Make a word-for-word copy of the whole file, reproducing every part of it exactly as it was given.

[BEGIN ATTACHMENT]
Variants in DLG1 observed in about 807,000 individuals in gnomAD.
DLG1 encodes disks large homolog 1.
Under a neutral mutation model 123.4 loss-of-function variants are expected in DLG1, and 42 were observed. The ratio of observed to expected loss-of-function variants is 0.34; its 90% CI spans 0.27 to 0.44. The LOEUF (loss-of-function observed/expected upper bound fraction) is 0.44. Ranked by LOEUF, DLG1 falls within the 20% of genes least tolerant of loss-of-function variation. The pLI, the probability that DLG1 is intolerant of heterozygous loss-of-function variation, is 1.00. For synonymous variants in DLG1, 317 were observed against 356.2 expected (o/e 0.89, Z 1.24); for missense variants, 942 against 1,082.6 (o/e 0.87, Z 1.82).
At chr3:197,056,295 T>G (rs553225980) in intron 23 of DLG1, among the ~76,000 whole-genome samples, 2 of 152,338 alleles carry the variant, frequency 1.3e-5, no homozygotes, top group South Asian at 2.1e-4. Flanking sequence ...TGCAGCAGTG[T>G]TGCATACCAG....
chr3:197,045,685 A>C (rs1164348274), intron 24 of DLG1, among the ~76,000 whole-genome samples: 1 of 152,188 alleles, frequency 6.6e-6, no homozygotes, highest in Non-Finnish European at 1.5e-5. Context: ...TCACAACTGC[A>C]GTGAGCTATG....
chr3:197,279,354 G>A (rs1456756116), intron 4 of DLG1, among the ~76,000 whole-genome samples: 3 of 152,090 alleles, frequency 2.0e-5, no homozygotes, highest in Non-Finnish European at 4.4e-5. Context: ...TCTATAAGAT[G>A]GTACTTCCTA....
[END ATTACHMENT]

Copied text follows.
Variants in DLG1 observed in about 807,000 individuals in gnomAD.
DLG1 encodes disks large homolog 1.
Under a neutral mutation model 123.4 loss-of-function variants are expected in DLG1, and 42 were observed. The ratio of observed to expected loss-of-function variants is 0.34; its 90% CI spans 0.27 to 0.44. The LOEUF (loss-of-function observed/expected upper bound fraction) is 0.44. Ranked by LOEUF, DLG1 falls within the 20% of genes least tolerant of loss-of-function variation. The pLI, the probability that DLG1 is intolerant of heterozygous loss-of-function variation, is 1.00. For synonymous variants in DLG1, 317 were observed against 356.2 expected (o/e 0.89, Z 1.24); for missense variants, 942 against 1,082.6 (o/e 0.87, Z 1.82).
At chr3:197,056,295 T>G (rs553225980) in intron 23 of DLG1, among the ~76,000 whole-genome samples, 2 of 152,338 alleles carry the variant, frequency 1.3e-5, no homozygotes, top group South Asian at 2.1e-4. Flanking sequence ...TGCAGCAGTG[T>G]TGCATACCAG....
chr3:197,045,685 A>C (rs1164348274), intron 24 of DLG1, among the ~76,000 whole-genome samples: 1 of 152,188 alleles, frequency 6.6e-6, no homozygotes, highest in Non-Finnish European at 1.5e-5. Context: ...TCACAACTGC[A>C]GTGAGCTATG....
chr3:197,279,354 G>A (rs1456756116), intron 4 of DLG1, among the ~76,000 whole-genome samples: 3 of 152,090 alleles, frequency 2.0e-5, no homozygotes, highest in Non-Finnish European at 4.4e-5. Context: ...TCTATAAGAT[G>A]GTACTTCCTA....